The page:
My friend, Author Margaret Terry shares this wisdom: "People say 'You ARE depressed' but they don't say 'You *are* cancer' - they say you *have* cancer. Even the medical community is guilty of using this language that contributes to the shame of living with the darkness depression brings, shame that is not felt by people who *have* leukemia or heart disease. No one wants to feel they *are* their illness. My hope is that all this coverage and talk about the devastating symptoms of depression helps our culture understand depression is an illness with no cure. It can (possibly) be managed with medication that can sometimes offer remission. But it still remains a silent killer that infects families and friends of the person who suffers with it."

Encourage the government to fund more comprehensive research into the complexity of diseases that manifest themselves in the physical brain. We know so little about the brain. Better yet, become the researcher who does this work. Currently we only have a "chemical soup" - many differing drugs to "try" which bathe the entire brain, take far too long to work and create all sorts of difficult side effects. Then add counseling which is hugely subjective at best, toss in some misguided mantras about just "change your thinking and you'll be better."

In the depths of depression and in the panic of anxiety the one suffering sees no light. They feel completely alone and isolated. They lose perspective, and forget about those who love them. They lose interest in their abilities, their gifts, and their blessings. The single-minded focus is on the black darkness and the pain. The disease affects their thinking so that they cannot think rationally but they are convinced that they are rational. To think about doing even one thing is overwhelming so that even one simple piece of advice becomes a hammer blow.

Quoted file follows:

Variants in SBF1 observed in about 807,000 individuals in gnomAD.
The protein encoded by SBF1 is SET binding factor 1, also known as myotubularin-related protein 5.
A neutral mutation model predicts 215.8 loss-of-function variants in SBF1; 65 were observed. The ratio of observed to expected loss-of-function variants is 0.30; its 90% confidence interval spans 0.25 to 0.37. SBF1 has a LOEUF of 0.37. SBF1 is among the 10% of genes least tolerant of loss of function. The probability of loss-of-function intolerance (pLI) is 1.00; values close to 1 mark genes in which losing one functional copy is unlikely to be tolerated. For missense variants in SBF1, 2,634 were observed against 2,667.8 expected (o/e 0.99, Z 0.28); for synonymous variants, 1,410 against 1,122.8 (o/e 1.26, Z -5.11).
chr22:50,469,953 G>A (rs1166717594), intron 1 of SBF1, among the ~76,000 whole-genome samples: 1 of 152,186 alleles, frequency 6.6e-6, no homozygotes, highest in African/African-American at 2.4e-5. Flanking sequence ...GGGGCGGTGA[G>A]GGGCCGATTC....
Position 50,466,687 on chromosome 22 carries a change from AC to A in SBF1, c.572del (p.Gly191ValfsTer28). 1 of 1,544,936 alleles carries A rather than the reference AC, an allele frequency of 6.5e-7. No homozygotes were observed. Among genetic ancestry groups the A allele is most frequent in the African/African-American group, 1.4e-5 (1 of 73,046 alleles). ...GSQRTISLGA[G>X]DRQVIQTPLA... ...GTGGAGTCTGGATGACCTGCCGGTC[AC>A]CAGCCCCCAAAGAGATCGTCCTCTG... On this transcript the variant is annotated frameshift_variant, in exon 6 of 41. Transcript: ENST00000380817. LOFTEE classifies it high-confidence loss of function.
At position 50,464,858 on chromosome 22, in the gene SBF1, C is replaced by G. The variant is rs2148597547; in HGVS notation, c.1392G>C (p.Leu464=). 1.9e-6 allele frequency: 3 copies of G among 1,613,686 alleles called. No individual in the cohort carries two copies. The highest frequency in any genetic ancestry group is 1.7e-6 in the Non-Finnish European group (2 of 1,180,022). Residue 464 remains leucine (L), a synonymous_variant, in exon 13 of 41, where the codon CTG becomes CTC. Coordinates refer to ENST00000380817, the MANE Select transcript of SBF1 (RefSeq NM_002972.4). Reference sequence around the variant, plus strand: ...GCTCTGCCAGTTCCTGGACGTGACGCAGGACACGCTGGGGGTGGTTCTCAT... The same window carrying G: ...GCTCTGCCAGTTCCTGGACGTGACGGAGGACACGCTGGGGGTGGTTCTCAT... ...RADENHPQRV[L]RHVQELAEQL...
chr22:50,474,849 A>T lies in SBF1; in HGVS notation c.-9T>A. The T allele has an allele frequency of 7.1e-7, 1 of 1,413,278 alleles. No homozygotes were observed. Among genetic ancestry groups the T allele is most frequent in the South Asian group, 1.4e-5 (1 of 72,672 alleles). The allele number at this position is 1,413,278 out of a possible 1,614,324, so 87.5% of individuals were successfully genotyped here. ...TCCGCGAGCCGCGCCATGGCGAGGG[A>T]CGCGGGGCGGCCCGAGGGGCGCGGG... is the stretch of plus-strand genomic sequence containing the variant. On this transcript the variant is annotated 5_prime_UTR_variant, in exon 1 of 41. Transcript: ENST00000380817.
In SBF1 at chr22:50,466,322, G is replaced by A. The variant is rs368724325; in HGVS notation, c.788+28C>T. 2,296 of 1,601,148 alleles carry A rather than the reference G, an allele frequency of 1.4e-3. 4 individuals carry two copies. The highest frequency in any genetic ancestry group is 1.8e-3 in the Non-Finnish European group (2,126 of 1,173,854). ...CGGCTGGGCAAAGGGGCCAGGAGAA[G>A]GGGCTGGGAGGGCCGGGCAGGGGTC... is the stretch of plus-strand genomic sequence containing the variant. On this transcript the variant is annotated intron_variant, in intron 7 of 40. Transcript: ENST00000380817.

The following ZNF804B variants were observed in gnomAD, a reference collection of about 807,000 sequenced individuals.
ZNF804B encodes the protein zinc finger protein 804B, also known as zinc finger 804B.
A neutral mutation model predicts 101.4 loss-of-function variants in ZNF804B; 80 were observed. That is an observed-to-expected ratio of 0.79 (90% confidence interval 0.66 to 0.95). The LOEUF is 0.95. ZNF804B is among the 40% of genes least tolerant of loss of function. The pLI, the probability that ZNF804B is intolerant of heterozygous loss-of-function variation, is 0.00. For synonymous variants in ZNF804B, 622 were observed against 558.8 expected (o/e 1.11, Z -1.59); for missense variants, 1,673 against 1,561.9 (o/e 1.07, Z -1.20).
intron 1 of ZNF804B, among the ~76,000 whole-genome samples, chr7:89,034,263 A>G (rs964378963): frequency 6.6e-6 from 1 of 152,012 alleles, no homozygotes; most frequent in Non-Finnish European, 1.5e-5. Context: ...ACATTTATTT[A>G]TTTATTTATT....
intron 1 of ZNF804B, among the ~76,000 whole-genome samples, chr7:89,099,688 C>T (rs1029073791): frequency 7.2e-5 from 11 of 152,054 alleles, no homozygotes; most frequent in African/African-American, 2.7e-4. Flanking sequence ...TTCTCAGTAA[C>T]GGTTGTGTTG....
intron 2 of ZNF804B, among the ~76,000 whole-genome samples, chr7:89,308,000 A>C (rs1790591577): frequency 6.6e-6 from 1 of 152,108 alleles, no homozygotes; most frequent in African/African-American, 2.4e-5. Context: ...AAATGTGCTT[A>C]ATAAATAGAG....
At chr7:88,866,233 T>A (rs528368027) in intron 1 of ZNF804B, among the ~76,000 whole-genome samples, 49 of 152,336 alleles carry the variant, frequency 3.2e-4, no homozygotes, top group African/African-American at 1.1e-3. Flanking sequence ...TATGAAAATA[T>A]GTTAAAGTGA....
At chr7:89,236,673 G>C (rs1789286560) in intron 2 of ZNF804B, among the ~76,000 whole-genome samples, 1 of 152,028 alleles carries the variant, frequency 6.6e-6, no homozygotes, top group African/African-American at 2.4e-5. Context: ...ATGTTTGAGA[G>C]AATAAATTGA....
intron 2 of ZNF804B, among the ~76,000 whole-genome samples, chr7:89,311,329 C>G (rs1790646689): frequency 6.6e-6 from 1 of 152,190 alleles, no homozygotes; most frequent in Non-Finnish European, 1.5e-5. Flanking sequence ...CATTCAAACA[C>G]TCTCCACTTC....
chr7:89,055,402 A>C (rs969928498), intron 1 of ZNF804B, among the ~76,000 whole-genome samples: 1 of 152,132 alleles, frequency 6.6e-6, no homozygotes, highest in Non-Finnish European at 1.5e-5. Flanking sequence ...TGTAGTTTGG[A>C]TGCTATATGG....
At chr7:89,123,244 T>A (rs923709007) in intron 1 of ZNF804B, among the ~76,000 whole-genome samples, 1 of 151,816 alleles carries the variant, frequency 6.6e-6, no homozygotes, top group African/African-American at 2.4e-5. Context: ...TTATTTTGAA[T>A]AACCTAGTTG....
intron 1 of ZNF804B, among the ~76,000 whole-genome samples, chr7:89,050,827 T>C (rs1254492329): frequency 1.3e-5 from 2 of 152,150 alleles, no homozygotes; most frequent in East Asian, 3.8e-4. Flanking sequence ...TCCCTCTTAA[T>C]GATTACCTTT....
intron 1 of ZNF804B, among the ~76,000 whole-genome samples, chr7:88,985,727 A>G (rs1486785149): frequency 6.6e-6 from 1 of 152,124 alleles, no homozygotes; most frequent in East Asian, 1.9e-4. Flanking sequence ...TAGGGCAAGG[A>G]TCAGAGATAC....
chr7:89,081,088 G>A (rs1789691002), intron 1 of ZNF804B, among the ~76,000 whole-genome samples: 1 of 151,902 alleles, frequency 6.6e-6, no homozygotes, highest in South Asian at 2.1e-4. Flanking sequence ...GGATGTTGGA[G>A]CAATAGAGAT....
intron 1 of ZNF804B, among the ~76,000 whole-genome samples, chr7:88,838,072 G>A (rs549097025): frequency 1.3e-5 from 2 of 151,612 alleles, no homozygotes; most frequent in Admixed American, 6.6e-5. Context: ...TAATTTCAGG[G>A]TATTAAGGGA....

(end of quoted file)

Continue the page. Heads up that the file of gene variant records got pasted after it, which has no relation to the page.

They think only of the pain, from which they believe there is no escape. Hope disappears. No one has ever felt this way before. They feel that how their life is now is the way that it will always be. They think they are so broken, they cannot be fixed. That helpless, hopeless, desperate, eternal pain is made even worse by physical pain, darkness, shame, self-hatred, desperation, or any combination of these which seem to ultimately suggest only one alternative: Make the pain stop.

So, suicide is not even a choice, at the end of the day, because the one suffering feels they simply have no other choice.

Everyone is fighting a battle of some kind. Let's not begin offering glib solutions. The one suffering cannot hear it.

There is no easy button. There is no magic formula. Depression and anxiety should be afforded the same funding, research and respect as brain tumours, cancer, diabetes and chronic pain. No judgement, no stigma, no hiding, no whispering, no clucking or shaking ones head.

Yes, it is sad. Yes it is tragic. But it must never be final. The person in darkness today may very well be the person who stands beside you in your darkest hour. I know. I'm in a good place now but I've been on both sides.

Hold on.

For additional perspective, may I recommend Anne Lamott's post from August 12, 2014?